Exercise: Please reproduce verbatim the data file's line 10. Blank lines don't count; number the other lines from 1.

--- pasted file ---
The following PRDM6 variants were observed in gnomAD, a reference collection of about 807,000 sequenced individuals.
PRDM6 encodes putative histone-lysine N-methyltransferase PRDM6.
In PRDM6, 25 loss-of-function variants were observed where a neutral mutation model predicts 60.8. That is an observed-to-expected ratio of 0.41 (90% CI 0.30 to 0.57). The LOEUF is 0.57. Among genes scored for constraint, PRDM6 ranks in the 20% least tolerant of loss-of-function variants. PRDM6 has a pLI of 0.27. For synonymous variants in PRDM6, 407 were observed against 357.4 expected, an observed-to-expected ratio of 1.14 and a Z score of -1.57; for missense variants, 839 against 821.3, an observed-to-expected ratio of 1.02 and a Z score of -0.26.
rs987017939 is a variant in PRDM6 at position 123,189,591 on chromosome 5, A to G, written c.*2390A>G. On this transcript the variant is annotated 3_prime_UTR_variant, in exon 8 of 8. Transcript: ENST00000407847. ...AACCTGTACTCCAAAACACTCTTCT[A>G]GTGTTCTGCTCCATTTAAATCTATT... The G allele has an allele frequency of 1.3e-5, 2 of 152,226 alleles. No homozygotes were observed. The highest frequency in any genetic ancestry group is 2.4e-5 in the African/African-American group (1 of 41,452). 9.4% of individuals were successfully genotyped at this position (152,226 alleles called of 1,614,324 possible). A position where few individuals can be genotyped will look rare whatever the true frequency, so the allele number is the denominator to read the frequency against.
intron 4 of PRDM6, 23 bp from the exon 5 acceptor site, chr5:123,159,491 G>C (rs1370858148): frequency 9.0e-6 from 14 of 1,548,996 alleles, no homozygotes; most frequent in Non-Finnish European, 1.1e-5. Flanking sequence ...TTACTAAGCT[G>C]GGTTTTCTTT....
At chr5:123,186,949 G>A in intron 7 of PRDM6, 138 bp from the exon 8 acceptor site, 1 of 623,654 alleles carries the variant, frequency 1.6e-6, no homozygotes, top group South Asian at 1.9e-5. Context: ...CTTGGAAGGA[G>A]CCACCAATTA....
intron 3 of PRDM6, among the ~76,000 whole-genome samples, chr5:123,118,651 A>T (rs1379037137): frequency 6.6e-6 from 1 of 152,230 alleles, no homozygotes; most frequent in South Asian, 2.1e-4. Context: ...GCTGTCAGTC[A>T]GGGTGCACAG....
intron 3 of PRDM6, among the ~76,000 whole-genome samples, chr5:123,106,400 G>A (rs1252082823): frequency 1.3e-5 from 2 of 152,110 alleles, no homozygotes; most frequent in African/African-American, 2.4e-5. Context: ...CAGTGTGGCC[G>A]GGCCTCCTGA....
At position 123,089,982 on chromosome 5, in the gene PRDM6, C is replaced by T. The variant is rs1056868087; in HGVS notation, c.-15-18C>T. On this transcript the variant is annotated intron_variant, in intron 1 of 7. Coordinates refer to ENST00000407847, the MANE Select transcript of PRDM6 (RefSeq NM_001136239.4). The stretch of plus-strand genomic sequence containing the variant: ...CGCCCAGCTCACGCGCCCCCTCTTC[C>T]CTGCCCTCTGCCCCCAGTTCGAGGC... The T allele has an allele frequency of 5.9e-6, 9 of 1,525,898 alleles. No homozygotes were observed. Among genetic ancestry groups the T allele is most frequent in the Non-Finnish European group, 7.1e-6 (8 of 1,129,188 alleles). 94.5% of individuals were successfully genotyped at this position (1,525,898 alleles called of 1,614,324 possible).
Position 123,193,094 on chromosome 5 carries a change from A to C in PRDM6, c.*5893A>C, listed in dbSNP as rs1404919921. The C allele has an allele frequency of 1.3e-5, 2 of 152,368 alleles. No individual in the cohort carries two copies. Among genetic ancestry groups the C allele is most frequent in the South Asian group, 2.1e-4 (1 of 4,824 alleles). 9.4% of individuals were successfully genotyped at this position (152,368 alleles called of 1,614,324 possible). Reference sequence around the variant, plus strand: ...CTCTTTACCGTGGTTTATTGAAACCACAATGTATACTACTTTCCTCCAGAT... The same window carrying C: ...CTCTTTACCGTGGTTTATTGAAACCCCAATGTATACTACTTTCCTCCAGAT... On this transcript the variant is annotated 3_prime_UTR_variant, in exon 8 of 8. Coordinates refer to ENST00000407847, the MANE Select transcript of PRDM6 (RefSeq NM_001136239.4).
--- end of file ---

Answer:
Position 123,193,094 on chromosome 5 carries a change from A to C in PRDM6, c.*5893A>C, listed in dbSNP as rs1404919921. The C allele has an allele frequency of 1.3e-5, 2 of 152,368 alleles. No individual in the cohort carries two copies. Among genetic ancestry groups the C allele is most frequent in the South Asian group, 2.1e-4 (1 of 4,824 alleles). 9.4% of individuals were successfully genotyped at this position (152,368 alleles called of 1,614,324 possible). Reference sequence around the variant, plus strand: ...CTCTTTACCGTGGTTTATTGAAACCACAATGTATACTACTTTCCTCCAGAT... The same window carrying C: ...CTCTTTACCGTGGTTTATTGAAACCCCAATGTATACTACTTTCCTCCAGAT... On this transcript the variant is annotated 3_prime_UTR_variant, in exon 8 of 8. Coordinates refer to ENST00000407847, the MANE Select transcript of PRDM6 (RefSeq NM_001136239.4).